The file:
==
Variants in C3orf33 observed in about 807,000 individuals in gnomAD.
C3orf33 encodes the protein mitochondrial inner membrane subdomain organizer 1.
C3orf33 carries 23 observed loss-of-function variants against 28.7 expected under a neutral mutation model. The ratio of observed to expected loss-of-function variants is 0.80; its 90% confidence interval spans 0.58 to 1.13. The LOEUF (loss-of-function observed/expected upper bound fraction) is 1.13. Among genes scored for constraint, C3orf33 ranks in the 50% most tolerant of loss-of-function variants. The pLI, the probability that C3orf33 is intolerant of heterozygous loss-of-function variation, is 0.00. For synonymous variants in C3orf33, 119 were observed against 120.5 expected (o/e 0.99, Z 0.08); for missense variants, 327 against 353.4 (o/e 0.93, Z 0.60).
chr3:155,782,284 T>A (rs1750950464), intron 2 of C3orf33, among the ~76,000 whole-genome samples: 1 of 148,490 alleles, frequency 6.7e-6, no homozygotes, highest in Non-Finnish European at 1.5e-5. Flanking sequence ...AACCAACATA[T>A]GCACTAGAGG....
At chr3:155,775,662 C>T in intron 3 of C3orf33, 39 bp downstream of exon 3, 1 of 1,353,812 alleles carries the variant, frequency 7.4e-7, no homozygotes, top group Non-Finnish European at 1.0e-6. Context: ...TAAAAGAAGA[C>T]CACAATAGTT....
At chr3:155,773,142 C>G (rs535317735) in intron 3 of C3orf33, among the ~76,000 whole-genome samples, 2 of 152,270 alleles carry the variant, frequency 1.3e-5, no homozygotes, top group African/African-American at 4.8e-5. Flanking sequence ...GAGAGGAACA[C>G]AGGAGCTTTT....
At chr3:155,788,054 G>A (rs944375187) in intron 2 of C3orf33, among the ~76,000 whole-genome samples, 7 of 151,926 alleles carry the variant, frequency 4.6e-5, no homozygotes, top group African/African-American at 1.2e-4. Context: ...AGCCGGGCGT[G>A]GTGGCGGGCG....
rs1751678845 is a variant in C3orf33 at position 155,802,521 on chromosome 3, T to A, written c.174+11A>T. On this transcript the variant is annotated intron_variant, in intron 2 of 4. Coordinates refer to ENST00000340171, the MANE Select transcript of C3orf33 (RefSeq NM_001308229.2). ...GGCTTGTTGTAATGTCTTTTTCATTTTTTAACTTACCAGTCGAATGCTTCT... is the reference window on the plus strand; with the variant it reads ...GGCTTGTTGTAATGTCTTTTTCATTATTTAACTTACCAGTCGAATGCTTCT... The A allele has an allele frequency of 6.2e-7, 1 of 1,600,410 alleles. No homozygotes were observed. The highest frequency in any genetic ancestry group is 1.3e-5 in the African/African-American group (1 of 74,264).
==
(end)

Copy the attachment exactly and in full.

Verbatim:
Variants in C3orf33 observed in about 807,000 individuals in gnomAD.
C3orf33 encodes the protein mitochondrial inner membrane subdomain organizer 1.
C3orf33 carries 23 observed loss-of-function variants against 28.7 expected under a neutral mutation model. The ratio of observed to expected loss-of-function variants is 0.80; its 90% confidence interval spans 0.58 to 1.13. The LOEUF (loss-of-function observed/expected upper bound fraction) is 1.13. Among genes scored for constraint, C3orf33 ranks in the 50% most tolerant of loss-of-function variants. The pLI, the probability that C3orf33 is intolerant of heterozygous loss-of-function variation, is 0.00. For synonymous variants in C3orf33, 119 were observed against 120.5 expected (o/e 0.99, Z 0.08); for missense variants, 327 against 353.4 (o/e 0.93, Z 0.60).
chr3:155,782,284 T>A (rs1750950464), intron 2 of C3orf33, among the ~76,000 whole-genome samples: 1 of 148,490 alleles, frequency 6.7e-6, no homozygotes, highest in Non-Finnish European at 1.5e-5. Flanking sequence ...AACCAACATA[T>A]GCACTAGAGG....
At chr3:155,775,662 C>T in intron 3 of C3orf33, 39 bp downstream of exon 3, 1 of 1,353,812 alleles carries the variant, frequency 7.4e-7, no homozygotes, top group Non-Finnish European at 1.0e-6. Context: ...TAAAAGAAGA[C>T]CACAATAGTT....
At chr3:155,773,142 C>G (rs535317735) in intron 3 of C3orf33, among the ~76,000 whole-genome samples, 2 of 152,270 alleles carry the variant, frequency 1.3e-5, no homozygotes, top group African/African-American at 4.8e-5. Flanking sequence ...GAGAGGAACA[C>G]AGGAGCTTTT....
At chr3:155,788,054 G>A (rs944375187) in intron 2 of C3orf33, among the ~76,000 whole-genome samples, 7 of 151,926 alleles carry the variant, frequency 4.6e-5, no homozygotes, top group African/African-American at 1.2e-4. Context: ...AGCCGGGCGT[G>A]GTGGCGGGCG....
rs1751678845 is a variant in C3orf33 at position 155,802,521 on chromosome 3, T to A, written c.174+11A>T. On this transcript the variant is annotated intron_variant, in intron 2 of 4. Coordinates refer to ENST00000340171, the MANE Select transcript of C3orf33 (RefSeq NM_001308229.2). ...GGCTTGTTGTAATGTCTTTTTCATTTTTTAACTTACCAGTCGAATGCTTCT... is the reference window on the plus strand; with the variant it reads ...GGCTTGTTGTAATGTCTTTTTCATTATTTAACTTACCAGTCGAATGCTTCT... The A allele has an allele frequency of 6.2e-7, 1 of 1,600,410 alleles. No homozygotes were observed. The highest frequency in any genetic ancestry group is 1.3e-5 in the African/African-American group (1 of 74,264).